In a Rut

While some city pothole crews work hard, others waste away the day on the taxpayer dime

On a sunny day in May, a city of Tucson street maintenance truck sat in the shade cast by a long row of trees on the south side of Palo Verde Park, located near Broadway Boulevard and Wilmot Road. Over the next hour, two municipal pickups parked nearby. The drivers of these vehicles--the supposed front-line soldiers in the never-ending battle to keep Tucson's streets in good shape--were obviously not helping to fix potholes that afternoon.

Street maintenance employees are also reported to frequently gather at a restaurant near Craycroft Road and 29th Street. While they breakfast inside, traffic drives down a thoroughfare disfigured by a long, jagged cut in the pavement outside.

Despite having an endless supply of potholes to fill, numerous mounds of unused asphalt covered with dirt were recently found scattered across a vacant lot along Irvington Road near Pantano Road. Strategically dumped behind a huge pile of street-sweeping remains, it appeared as if an effort had been made to hide the material from public view.

That isn't the only way unused asphalt intended for Tucson's potholes is disposed of. Two weeks ago, at the request of an eastside resident, one city street crew installed a ramp for him to cut down the grade of his driveway's roll-curb.

Based on episodes like these, local street workers are barraged by a steady stream of either compliments or expletives from citizens. "Lazy!" is one of the milder insults hurled at them as they work on fixing Tucson's streets.

While some street maintenance workers may fit that description, most don't. Today, there are 10 crews responsible for keeping Tucson's 1,700 miles of roadways in good shape. With better equipment than in the past, the city has--in the last 10 months--already used 36 percent more asphalt in the pursuit of smoother streets than it did in the previous fiscal year.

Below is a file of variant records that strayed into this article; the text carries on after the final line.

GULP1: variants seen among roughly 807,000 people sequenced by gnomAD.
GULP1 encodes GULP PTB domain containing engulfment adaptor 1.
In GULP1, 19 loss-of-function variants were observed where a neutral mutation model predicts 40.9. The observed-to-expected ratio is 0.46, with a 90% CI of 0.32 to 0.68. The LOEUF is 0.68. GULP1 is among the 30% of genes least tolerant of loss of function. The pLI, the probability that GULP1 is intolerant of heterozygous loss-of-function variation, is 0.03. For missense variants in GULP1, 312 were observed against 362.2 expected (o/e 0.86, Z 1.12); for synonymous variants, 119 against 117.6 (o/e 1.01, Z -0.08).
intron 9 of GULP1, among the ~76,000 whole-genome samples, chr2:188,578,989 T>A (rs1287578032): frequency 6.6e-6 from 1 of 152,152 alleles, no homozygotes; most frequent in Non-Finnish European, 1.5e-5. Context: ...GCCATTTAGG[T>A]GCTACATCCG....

But a decrease in personnel and money, combined with the frequent use of improper materials, seems to have brought Tucson's struggle to fix its ever growing pothole problem to an impasse. (See "Pothole Predicament," November 27, 2003).

Plus, crews perform tasks in addition to pothole plugging. They crack-seal streets with oil, sometimes totally overlay them with asphalt, pick up material collected by street sweepers and do other odd jobs.

Pothole filling is also problematic for these crews because of the characteristics of asphalt. It has to be around 225 degrees when applied to be most effective, and the city has only two suppliers, both located far from the city center. So while the driver of a small asphalt truck goes to pick up a typical day's allotment of one to three tons of hot material, a process which can easily take two hours, the rest of the crew is supposed to be doing other jobs, such as collecting debris from the street right of way. But occasionally, some of them go for breakfast instead.

The time needed to obtain the asphalt isn't the only difficulty facing a street maintenance crew. The right type of material often isn't available from the suppliers, so an inferior product sometimes has to be substituted. Also, paving material must be kept at the proper temperature, and the city doesn't have "hot boxes" on all of its asphalt trucks, which means the material has to be used rapidly, or wasted.

A similar problem surfaced recently on south Country Club Road near Valencia Road. A new asphalt overlay was placed on the street in November, but some of it was not as hot as it should have been. Thus, the pavement developed air voids and deteriorated quickly. A few weeks ago, a street crew was out patching the new pavement with little hope of actually correcting the problem.

Even though they start their day at 6 a.m. by checking over their equipment and getting work orders, because of the delay caused by obtaining the needed asphalt, it will be three hours or more before a street crew is actually ready to begin filling potholes. When they do, one person directs traffic around the slow-moving operation; another drives the asphalt truck and dumps material where it is needed, while two crew members oil the pavement, shovel and rake the steaming material into place, then compact it with a 800-pound motorized roller.

Their job may appear relatively simple, but each crew member must possess a commercial driver's license and be able to handle heavy equipment. They also need to know how to keep that complex, oily machinery in working condition.

By noon or so, a crew finishes its pothole-fixing work for the day and eats lunch. After that, they may inspect and repair their equipment in the field, and some of them may go to Palo Verde Park to take it easy. They drive back to a city shop, and by 2:30 p.m., many of the crew members are heading home.

The results of their labor are seen in pavement patches all over town, but many people aren't satisfied, including some who work for the city. As one street maintenance crew member says, "We need more preventative maintenance. We don't seal coat (streets) anymore. We stopped for budgetary reasons apparently. We need to get back to preventative maintenance."

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